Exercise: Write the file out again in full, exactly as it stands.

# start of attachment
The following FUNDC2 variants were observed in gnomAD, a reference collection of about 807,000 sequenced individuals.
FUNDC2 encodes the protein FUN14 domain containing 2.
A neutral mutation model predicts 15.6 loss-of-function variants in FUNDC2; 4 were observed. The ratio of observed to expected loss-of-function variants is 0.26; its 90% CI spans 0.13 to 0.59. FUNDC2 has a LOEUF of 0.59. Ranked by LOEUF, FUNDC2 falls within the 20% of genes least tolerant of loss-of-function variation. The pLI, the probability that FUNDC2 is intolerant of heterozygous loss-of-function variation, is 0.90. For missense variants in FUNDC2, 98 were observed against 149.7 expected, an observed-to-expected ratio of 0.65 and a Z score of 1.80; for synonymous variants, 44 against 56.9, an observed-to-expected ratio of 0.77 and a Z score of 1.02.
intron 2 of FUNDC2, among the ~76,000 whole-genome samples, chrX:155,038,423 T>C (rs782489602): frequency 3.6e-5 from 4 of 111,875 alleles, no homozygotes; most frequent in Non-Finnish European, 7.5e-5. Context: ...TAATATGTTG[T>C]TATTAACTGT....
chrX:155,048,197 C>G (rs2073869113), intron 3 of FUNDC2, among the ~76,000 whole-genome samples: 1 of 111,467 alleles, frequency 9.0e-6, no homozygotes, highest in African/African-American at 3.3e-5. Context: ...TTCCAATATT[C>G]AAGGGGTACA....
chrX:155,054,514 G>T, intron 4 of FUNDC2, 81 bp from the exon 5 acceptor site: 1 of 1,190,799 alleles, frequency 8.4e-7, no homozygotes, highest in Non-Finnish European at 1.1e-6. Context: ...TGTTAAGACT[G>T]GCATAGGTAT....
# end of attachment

The following FUNDC2 variants were observed in gnomAD, a reference collection of about 807,000 sequenced individuals.
FUNDC2 encodes the protein FUN14 domain containing 2.
A neutral mutation model predicts 15.6 loss-of-function variants in FUNDC2; 4 were observed. The ratio of observed to expected loss-of-function variants is 0.26; its 90% CI spans 0.13 to 0.59. FUNDC2 has a LOEUF of 0.59. Ranked by LOEUF, FUNDC2 falls within the 20% of genes least tolerant of loss-of-function variation. The pLI, the probability that FUNDC2 is intolerant of heterozygous loss-of-function variation, is 0.90. For missense variants in FUNDC2, 98 were observed against 149.7 expected, an observed-to-expected ratio of 0.65 and a Z score of 1.80; for synonymous variants, 44 against 56.9, an observed-to-expected ratio of 0.77 and a Z score of 1.02.
intron 2 of FUNDC2, among the ~76,000 whole-genome samples, chrX:155,038,423 T>C (rs782489602): frequency 3.6e-5 from 4 of 111,875 alleles, no homozygotes; most frequent in Non-Finnish European, 7.5e-5. Context: ...TAATATGTTG[T>C]TATTAACTGT....
chrX:155,048,197 C>G (rs2073869113), intron 3 of FUNDC2, among the ~76,000 whole-genome samples: 1 of 111,467 alleles, frequency 9.0e-6, no homozygotes, highest in African/African-American at 3.3e-5. Context: ...TTCCAATATT[C>G]AAGGGGTACA....
chrX:155,054,514 G>T, intron 4 of FUNDC2, 81 bp from the exon 5 acceptor site: 1 of 1,190,799 alleles, frequency 8.4e-7, no homozygotes, highest in Non-Finnish European at 1.1e-6. Context: ...TGTTAAGACT[G>T]GCATAGGTAT....